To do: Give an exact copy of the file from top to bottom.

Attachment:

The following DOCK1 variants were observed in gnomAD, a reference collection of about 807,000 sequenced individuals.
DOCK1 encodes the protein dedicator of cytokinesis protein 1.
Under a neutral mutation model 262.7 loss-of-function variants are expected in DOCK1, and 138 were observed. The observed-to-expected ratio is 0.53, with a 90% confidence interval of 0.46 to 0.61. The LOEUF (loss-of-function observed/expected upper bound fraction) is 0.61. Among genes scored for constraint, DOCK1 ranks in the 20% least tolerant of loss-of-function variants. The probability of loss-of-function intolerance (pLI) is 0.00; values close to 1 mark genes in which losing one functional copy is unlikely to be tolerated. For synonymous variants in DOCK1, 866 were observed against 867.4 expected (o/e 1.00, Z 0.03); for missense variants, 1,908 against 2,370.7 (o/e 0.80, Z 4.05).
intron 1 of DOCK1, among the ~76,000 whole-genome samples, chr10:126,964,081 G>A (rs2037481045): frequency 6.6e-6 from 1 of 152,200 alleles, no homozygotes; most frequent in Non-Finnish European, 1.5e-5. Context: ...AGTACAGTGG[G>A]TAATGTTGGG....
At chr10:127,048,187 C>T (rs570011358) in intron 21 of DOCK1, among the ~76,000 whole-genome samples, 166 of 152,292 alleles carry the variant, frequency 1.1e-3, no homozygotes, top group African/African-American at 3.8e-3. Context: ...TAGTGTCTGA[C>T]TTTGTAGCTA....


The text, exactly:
The following DOCK1 variants were observed in gnomAD, a reference collection of about 807,000 sequenced individuals.
DOCK1 encodes the protein dedicator of cytokinesis protein 1.
Under a neutral mutation model 262.7 loss-of-function variants are expected in DOCK1, and 138 were observed. The observed-to-expected ratio is 0.53, with a 90% confidence interval of 0.46 to 0.61. The LOEUF (loss-of-function observed/expected upper bound fraction) is 0.61. Among genes scored for constraint, DOCK1 ranks in the 20% least tolerant of loss-of-function variants. The probability of loss-of-function intolerance (pLI) is 0.00; values close to 1 mark genes in which losing one functional copy is unlikely to be tolerated. For synonymous variants in DOCK1, 866 were observed against 867.4 expected (o/e 1.00, Z 0.03); for missense variants, 1,908 against 2,370.7 (o/e 0.80, Z 4.05).
intron 1 of DOCK1, among the ~76,000 whole-genome samples, chr10:126,964,081 G>A (rs2037481045): frequency 6.6e-6 from 1 of 152,200 alleles, no homozygotes; most frequent in Non-Finnish European, 1.5e-5. Context: ...AGTACAGTGG[G>A]TAATGTTGGG....
At chr10:127,048,187 C>T (rs570011358) in intron 21 of DOCK1, among the ~76,000 whole-genome samples, 166 of 152,292 alleles carry the variant, frequency 1.1e-3, no homozygotes, top group African/African-American at 3.8e-3. Context: ...TAGTGTCTGA[C>T]TTTGTAGCTA....